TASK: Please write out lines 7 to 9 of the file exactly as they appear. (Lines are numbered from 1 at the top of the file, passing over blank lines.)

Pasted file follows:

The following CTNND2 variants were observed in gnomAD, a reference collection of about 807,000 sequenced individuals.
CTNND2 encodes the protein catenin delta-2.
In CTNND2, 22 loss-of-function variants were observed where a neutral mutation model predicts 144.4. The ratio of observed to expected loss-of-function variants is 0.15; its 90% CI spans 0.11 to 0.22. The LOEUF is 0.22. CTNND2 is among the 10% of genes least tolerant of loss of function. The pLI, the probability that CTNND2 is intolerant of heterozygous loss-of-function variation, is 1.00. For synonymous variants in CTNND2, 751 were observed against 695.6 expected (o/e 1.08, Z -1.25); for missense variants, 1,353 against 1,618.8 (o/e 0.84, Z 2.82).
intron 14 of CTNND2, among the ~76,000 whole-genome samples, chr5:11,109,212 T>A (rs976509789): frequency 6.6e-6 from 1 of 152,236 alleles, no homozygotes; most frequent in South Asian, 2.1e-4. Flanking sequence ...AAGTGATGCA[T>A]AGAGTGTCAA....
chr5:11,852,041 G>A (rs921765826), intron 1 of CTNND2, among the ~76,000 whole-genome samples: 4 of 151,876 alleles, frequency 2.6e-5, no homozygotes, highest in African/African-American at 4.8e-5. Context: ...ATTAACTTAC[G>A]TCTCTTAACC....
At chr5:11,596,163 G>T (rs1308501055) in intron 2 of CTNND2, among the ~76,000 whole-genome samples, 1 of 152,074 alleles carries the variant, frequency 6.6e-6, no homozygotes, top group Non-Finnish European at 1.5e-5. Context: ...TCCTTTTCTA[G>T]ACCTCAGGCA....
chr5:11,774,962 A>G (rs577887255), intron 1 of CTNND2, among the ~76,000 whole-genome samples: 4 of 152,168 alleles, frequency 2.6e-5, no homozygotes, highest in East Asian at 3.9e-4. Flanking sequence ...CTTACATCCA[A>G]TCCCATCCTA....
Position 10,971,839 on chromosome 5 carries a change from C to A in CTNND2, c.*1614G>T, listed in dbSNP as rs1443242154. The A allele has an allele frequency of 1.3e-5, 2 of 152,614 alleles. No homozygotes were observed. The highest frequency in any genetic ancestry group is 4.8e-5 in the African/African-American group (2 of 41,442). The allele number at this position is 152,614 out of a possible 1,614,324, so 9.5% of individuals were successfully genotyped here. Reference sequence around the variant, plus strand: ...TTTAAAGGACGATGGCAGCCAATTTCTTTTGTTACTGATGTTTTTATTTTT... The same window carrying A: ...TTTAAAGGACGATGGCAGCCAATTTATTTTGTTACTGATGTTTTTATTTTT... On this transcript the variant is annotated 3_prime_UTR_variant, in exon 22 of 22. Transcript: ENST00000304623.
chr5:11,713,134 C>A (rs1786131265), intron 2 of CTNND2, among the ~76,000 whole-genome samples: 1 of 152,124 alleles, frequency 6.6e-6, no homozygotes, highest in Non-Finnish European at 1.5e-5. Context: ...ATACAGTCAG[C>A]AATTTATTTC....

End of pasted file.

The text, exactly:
chr5:11,774,962 A>G (rs577887255), intron 1 of CTNND2, among the ~76,000 whole-genome samples: 4 of 152,168 alleles, frequency 2.6e-5, no homozygotes, highest in East Asian at 3.9e-4. Flanking sequence ...CTTACATCCA[A>G]TCCCATCCTA....
Position 10,971,839 on chromosome 5 carries a change from C to A in CTNND2, c.*1614G>T, listed in dbSNP as rs1443242154. The A allele has an allele frequency of 1.3e-5, 2 of 152,614 alleles. No homozygotes were observed. The highest frequency in any genetic ancestry group is 4.8e-5 in the African/African-American group (2 of 41,442). The allele number at this position is 152,614 out of a possible 1,614,324, so 9.5% of individuals were successfully genotyped here. Reference sequence around the variant, plus strand: ...TTTAAAGGACGATGGCAGCCAATTTCTTTTGTTACTGATGTTTTTATTTTT... The same window carrying A: ...TTTAAAGGACGATGGCAGCCAATTTATTTTGTTACTGATGTTTTTATTTTT... On this transcript the variant is annotated 3_prime_UTR_variant, in exon 22 of 22. Transcript: ENST00000304623.
chr5:11,713,134 C>A (rs1786131265), intron 2 of CTNND2, among the ~76,000 whole-genome samples: 1 of 152,124 alleles, frequency 6.6e-6, no homozygotes, highest in Non-Finnish European at 1.5e-5. Context: ...ATACAGTCAG[C>A]AATTTATTTC....